“No worries” is something we say in Australia in any and every context. You can’t make it to dinner, no worries. You are going to be late for work, no worries. Your arm just got bitten off by a great white, no worries. Its ubiquitousness suggests that we are a country of happy, laid back, carefree creatures. But underneath that worry-free façade I just don’t believe no one is worrying. With so many lethal creepy crawlies lurking in every corner, there’s just no bloody way.
I used to think that you had to worry about something to make sure whatever it was didn’t happen. I figured that if you put in the effort and dedication that it took to worry about something, then you would be rewarded by it all actually being ok. It was weird logic I guess and led to a lot of concerted and dedicated worrying.
The frustrating thing is most of the time we seem to worry about things we have no control over. And they can become like fixations or obsessions. And despite it all feeling like a huge wasted effort, it’s something we all do.
I’m not sure if it’s better to bring full awareness to the things we are worried about or to pretend they don’t exist at all. Depending upon how you feel your worries may seem closer or farther away. It’s easier to adopt a “she’ll be right” (another colourful Australian idiom) approach when we feel good about our lives and ourselves and are generally more positive. In those times, everything is ok, is meant to be, all the risks we take will work out for the best and not sweating the small stuff is a piece of cake. She (read: everyone and everything) will be alright.
When we feel scared or shaky or darker or more negative, it almost feels like our worries could eat us. We get angry at ourselves for getting into whatever situation we are in, confronted with what worries us. We get really, brutally, rational and take an extremely cautious look at our lives and no doubt conclude that we are, to put it bluntly, screwed. If you are already feeling bad or sad or mad then thinking about those things that worry you the most is probably, unsurprisingly, not going to make you feel any better.
Because, no matter how much we try to mitigate it, life is full of risks. Everywhere we look bad things could happen. When we make decisions or take actions, we usually also make a whole host of assumptions that things will work out okay and in our favour. If we didn’t believe that, then we wouldn’t make brave decisions. I don’t think it’s wrong or naïve to think positively. We need that positivity to be able to do things in the world, to create to express, to live. But, try as we might, unfortunately there is no guarantee that everything will end up how we’d like it to. And so worry creeps in. Maybe this could happen or that could not happen, or no one will like this or us. Looking back, while we’re in full worry mode, it can be astounding to realise how we had the balls to make the decision in the first place.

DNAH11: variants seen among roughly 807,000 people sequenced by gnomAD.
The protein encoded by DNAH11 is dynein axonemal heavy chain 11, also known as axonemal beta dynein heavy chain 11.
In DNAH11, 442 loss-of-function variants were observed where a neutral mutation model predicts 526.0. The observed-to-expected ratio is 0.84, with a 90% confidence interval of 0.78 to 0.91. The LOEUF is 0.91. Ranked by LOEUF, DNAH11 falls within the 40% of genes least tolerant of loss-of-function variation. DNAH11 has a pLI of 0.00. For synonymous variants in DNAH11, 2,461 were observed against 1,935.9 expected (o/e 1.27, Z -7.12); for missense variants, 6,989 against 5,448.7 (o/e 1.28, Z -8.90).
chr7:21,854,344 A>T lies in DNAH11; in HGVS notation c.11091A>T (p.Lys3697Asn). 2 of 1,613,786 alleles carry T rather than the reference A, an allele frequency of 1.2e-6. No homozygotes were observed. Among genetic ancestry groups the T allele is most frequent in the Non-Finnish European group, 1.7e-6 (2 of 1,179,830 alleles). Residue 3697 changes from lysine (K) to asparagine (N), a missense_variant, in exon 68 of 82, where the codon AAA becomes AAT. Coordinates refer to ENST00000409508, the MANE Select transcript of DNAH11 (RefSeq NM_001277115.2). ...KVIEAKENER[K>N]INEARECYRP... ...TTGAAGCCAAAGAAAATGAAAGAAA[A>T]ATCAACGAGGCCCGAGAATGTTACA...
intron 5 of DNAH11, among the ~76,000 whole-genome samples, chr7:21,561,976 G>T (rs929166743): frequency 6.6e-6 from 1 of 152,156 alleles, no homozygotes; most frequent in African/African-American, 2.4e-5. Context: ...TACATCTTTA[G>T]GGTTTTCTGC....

Worrying can feel like a complete waste of time because whether something happens or not is out of our control. But it’s hard to stop when you get into a worried spin. You can jump from one nerve-wracking thing in your life to the next, worrying all the way as you go. The worst is when the worry sets in at night, just when you’re intending to calmly nod off. Suddenly sleep seems distant, as you end up spending the night thinking of everything in your life that could possibly go wrong.
Sometimes the best thing is to write everything you’re worried about down. Lay it all bare, bring it all out. Everything from the reasonable to the ridiculous. Once it’s on paper, it might not feel as dire or as relevant or you may realise the things you worry about are really unlikely to happen, or that you can’t do much to stop them from happening anyway so really aren’t worth worrying about. Sharing your worries to supportive friends or family also can take some of the sting out. Sometimes you need to hear it from someone else, that you will be ok and not to worry. Or you could at least worry together and connect over it.
Sometimes I feel angry at myself for worrying and wish I could be more of a cool cat, and generally just better at trusting that things will work out. But then being angry at myself on top of worrying doesn’t really go anywhere because I can’t really seem to help it in the first place.
Worrying is one thing but making decisions and taking action while you’re in your worry is another. Those fretful choices can lead you to places you don’t want to be. It’s like you have to get through the worst of the worry and then make a decision when you are more clear headed and can access your intuition again. Overly rational decisions aren’t always the best, or will lead you to what you ultimately want. Sometimes you will make decisions that aren’t rational at all but they instinctively feel right. Putting a rational and conservative spin on them in your times of worry will probably leave you feeling like a goose.
But the universe’s magic doesn’t abide by rational laws and sometimes we need to be brave and do things that could at times be called stupid by the worrying, conservative, risk adverse voices in our heads.
I think it comes down to being aware of your worrying and allowing it to flow. Don’t try to stop it but accept that you are worried about something. And then having heaps of compassion for yourself. Knowing it’s ok, you’re fundamentally ok and trusting everything is as it’s meant to be. Give yourself a break for decisions you made in the past and trust that they were the best you could make at the time.
Embrace the part of you that worries and also that part of you that is bold and daring- all of it makes up who you are. And know, that fundamentally, she’ll be right mate.